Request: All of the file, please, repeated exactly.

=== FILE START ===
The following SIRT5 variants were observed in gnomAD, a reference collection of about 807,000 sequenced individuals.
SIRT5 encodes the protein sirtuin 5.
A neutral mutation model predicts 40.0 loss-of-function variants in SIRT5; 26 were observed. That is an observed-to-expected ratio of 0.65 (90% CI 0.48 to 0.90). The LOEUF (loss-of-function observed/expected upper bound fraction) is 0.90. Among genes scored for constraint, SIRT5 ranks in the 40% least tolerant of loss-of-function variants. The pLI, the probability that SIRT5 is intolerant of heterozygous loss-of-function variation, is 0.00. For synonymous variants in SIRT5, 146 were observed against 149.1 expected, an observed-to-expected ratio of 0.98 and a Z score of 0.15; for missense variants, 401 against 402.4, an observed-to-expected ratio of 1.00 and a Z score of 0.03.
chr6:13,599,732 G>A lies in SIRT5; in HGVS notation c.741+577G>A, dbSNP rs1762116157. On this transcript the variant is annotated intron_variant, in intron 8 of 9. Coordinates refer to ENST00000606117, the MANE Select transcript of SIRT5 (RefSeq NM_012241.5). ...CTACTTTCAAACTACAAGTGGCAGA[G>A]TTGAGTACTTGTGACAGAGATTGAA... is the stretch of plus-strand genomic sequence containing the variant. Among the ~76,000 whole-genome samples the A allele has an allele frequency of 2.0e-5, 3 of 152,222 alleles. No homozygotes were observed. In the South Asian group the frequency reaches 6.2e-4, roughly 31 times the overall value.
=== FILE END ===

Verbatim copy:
The following SIRT5 variants were observed in gnomAD, a reference collection of about 807,000 sequenced individuals.
SIRT5 encodes the protein sirtuin 5.
A neutral mutation model predicts 40.0 loss-of-function variants in SIRT5; 26 were observed. That is an observed-to-expected ratio of 0.65 (90% CI 0.48 to 0.90). The LOEUF (loss-of-function observed/expected upper bound fraction) is 0.90. Among genes scored for constraint, SIRT5 ranks in the 40% least tolerant of loss-of-function variants. The pLI, the probability that SIRT5 is intolerant of heterozygous loss-of-function variation, is 0.00. For synonymous variants in SIRT5, 146 were observed against 149.1 expected, an observed-to-expected ratio of 0.98 and a Z score of 0.15; for missense variants, 401 against 402.4, an observed-to-expected ratio of 1.00 and a Z score of 0.03.
chr6:13,599,732 G>A lies in SIRT5; in HGVS notation c.741+577G>A, dbSNP rs1762116157. On this transcript the variant is annotated intron_variant, in intron 8 of 9. Coordinates refer to ENST00000606117, the MANE Select transcript of SIRT5 (RefSeq NM_012241.5). ...CTACTTTCAAACTACAAGTGGCAGA[G>A]TTGAGTACTTGTGACAGAGATTGAA... is the stretch of plus-strand genomic sequence containing the variant. Among the ~76,000 whole-genome samples the A allele has an allele frequency of 2.0e-5, 3 of 152,222 alleles. No homozygotes were observed. In the South Asian group the frequency reaches 6.2e-4, roughly 31 times the overall value.